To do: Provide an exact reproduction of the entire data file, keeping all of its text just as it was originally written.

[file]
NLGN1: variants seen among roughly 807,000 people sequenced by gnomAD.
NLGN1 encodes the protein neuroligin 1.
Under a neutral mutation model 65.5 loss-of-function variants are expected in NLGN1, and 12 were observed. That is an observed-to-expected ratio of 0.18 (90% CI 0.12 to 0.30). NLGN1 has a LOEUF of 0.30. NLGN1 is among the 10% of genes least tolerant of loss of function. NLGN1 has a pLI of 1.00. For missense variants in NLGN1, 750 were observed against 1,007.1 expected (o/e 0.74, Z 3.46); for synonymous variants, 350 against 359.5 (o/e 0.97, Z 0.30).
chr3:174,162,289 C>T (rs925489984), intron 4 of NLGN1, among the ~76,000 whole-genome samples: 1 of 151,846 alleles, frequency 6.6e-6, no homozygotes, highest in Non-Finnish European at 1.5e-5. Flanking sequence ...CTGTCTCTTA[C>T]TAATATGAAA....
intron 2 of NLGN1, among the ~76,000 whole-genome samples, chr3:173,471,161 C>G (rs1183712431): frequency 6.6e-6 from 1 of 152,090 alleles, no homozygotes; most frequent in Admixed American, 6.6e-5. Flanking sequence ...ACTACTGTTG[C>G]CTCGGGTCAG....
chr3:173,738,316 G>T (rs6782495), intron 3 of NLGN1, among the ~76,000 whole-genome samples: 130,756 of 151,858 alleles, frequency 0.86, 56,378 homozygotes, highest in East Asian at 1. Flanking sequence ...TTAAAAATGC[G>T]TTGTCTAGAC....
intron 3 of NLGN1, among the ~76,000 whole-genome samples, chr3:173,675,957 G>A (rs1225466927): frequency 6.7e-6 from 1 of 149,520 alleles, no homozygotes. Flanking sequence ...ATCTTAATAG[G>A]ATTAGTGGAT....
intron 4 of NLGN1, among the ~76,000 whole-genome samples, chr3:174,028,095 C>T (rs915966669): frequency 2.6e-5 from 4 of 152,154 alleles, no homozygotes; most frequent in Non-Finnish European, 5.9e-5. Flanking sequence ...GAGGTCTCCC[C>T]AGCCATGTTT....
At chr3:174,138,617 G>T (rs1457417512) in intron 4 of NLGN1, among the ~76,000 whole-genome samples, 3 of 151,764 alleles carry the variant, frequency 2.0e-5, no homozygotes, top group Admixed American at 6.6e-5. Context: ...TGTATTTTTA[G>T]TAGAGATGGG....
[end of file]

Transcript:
NLGN1: variants seen among roughly 807,000 people sequenced by gnomAD.
NLGN1 encodes the protein neuroligin 1.
Under a neutral mutation model 65.5 loss-of-function variants are expected in NLGN1, and 12 were observed. That is an observed-to-expected ratio of 0.18 (90% CI 0.12 to 0.30). NLGN1 has a LOEUF of 0.30. NLGN1 is among the 10% of genes least tolerant of loss of function. NLGN1 has a pLI of 1.00. For missense variants in NLGN1, 750 were observed against 1,007.1 expected (o/e 0.74, Z 3.46); for synonymous variants, 350 against 359.5 (o/e 0.97, Z 0.30).
chr3:174,162,289 C>T (rs925489984), intron 4 of NLGN1, among the ~76,000 whole-genome samples: 1 of 151,846 alleles, frequency 6.6e-6, no homozygotes, highest in Non-Finnish European at 1.5e-5. Flanking sequence ...CTGTCTCTTA[C>T]TAATATGAAA....
intron 2 of NLGN1, among the ~76,000 whole-genome samples, chr3:173,471,161 C>G (rs1183712431): frequency 6.6e-6 from 1 of 152,090 alleles, no homozygotes; most frequent in Admixed American, 6.6e-5. Flanking sequence ...ACTACTGTTG[C>G]CTCGGGTCAG....
chr3:173,738,316 G>T (rs6782495), intron 3 of NLGN1, among the ~76,000 whole-genome samples: 130,756 of 151,858 alleles, frequency 0.86, 56,378 homozygotes, highest in East Asian at 1. Flanking sequence ...TTAAAAATGC[G>T]TTGTCTAGAC....
intron 3 of NLGN1, among the ~76,000 whole-genome samples, chr3:173,675,957 G>A (rs1225466927): frequency 6.7e-6 from 1 of 149,520 alleles, no homozygotes. Flanking sequence ...ATCTTAATAG[G>A]ATTAGTGGAT....
intron 4 of NLGN1, among the ~76,000 whole-genome samples, chr3:174,028,095 C>T (rs915966669): frequency 2.6e-5 from 4 of 152,154 alleles, no homozygotes; most frequent in Non-Finnish European, 5.9e-5. Flanking sequence ...GAGGTCTCCC[C>T]AGCCATGTTT....
At chr3:174,138,617 G>T (rs1457417512) in intron 4 of NLGN1, among the ~76,000 whole-genome samples, 3 of 151,764 alleles carry the variant, frequency 2.0e-5, no homozygotes, top group Admixed American at 6.6e-5. Context: ...TGTATTTTTA[G>T]TAGAGATGGG....